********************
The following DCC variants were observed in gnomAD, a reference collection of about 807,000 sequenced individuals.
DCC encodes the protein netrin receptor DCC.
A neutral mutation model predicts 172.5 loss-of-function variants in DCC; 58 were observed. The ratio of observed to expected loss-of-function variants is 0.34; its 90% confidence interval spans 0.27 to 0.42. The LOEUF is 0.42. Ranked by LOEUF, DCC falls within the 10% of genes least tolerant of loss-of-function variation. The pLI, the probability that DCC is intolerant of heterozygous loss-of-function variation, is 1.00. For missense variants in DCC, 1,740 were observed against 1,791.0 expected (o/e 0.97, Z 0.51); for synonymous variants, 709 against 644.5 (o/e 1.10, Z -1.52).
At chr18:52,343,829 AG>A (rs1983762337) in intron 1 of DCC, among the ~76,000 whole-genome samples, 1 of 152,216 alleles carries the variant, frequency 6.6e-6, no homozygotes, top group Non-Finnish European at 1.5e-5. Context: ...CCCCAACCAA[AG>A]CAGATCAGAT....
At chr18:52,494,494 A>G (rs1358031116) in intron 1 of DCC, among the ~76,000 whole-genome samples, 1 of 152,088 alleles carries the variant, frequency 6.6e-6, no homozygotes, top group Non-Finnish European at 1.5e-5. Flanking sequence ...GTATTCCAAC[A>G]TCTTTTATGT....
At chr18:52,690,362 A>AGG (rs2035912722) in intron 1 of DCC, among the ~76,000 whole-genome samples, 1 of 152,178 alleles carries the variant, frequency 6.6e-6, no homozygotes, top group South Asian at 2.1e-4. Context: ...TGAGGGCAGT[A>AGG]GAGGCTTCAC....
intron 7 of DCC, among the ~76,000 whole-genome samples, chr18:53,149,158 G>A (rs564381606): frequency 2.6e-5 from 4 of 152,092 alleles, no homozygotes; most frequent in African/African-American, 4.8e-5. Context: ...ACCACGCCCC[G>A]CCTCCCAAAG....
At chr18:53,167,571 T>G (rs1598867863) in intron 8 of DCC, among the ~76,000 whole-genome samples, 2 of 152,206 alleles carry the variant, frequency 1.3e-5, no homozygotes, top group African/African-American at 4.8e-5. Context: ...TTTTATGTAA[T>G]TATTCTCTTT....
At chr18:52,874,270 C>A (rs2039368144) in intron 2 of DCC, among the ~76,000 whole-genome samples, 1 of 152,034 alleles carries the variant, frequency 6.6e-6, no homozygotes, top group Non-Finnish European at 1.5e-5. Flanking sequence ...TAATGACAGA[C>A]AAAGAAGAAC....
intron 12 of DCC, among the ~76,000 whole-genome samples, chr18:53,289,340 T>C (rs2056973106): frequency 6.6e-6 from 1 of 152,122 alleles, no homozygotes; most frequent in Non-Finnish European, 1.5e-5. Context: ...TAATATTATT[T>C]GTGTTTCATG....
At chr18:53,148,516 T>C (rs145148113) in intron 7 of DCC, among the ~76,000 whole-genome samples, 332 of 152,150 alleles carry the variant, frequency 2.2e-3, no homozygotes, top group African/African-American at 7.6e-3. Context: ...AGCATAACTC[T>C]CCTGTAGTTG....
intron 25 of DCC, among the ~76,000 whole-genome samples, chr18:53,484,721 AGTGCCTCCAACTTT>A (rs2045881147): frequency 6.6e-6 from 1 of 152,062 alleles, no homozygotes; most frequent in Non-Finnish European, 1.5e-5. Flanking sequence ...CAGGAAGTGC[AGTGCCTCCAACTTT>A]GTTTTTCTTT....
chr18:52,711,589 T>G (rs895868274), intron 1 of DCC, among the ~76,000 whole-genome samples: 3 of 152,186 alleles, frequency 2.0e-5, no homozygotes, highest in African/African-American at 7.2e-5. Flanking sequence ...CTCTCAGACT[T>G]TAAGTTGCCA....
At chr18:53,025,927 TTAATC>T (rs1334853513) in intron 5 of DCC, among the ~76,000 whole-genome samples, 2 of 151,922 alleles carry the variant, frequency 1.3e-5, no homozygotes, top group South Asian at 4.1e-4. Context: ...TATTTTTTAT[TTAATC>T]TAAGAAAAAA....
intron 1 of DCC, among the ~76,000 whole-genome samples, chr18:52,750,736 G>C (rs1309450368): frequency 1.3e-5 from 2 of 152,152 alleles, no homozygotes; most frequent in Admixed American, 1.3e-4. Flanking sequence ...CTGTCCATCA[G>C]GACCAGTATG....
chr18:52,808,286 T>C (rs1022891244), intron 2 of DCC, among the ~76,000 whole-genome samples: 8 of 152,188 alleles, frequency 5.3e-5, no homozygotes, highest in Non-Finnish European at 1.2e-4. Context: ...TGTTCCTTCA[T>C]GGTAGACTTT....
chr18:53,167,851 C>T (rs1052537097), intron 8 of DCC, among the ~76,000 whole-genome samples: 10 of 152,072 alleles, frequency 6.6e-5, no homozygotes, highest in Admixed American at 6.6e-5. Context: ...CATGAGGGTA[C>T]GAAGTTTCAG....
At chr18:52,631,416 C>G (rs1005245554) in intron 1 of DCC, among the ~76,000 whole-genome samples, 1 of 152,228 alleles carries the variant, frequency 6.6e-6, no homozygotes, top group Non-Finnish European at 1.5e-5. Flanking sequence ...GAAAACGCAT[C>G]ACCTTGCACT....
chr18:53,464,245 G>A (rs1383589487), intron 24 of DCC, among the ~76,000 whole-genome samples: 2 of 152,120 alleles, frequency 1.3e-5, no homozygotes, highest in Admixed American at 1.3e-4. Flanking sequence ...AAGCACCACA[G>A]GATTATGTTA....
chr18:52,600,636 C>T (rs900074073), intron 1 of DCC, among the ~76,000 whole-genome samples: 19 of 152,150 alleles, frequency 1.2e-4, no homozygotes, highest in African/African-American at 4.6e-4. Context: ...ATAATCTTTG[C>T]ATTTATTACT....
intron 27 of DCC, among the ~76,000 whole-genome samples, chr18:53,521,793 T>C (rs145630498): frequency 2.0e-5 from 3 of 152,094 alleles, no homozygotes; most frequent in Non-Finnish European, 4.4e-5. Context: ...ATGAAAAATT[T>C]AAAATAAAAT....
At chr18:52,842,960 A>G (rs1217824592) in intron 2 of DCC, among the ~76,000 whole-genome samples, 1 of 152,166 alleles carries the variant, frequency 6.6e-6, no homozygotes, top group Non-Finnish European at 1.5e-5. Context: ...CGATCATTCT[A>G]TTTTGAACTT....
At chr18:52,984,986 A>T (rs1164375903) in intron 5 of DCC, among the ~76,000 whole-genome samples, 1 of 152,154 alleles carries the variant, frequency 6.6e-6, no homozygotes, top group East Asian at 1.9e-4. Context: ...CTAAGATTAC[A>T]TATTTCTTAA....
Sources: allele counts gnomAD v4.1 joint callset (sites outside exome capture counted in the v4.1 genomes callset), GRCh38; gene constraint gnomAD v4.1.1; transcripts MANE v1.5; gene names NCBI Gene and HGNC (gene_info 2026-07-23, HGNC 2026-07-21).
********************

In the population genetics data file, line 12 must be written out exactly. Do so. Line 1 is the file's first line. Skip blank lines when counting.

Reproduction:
intron 25 of DCC, among the ~76,000 whole-genome samples, chr18:53,484,721 AGTGCCTCCAACTTT>A (rs2045881147): frequency 6.6e-6 from 1 of 152,062 alleles, no homozygotes; most frequent in Non-Finnish European, 1.5e-5. Flanking sequence ...CAGGAAGTGC[AGTGCCTCCAACTTT>A]GTTTTTCTTT....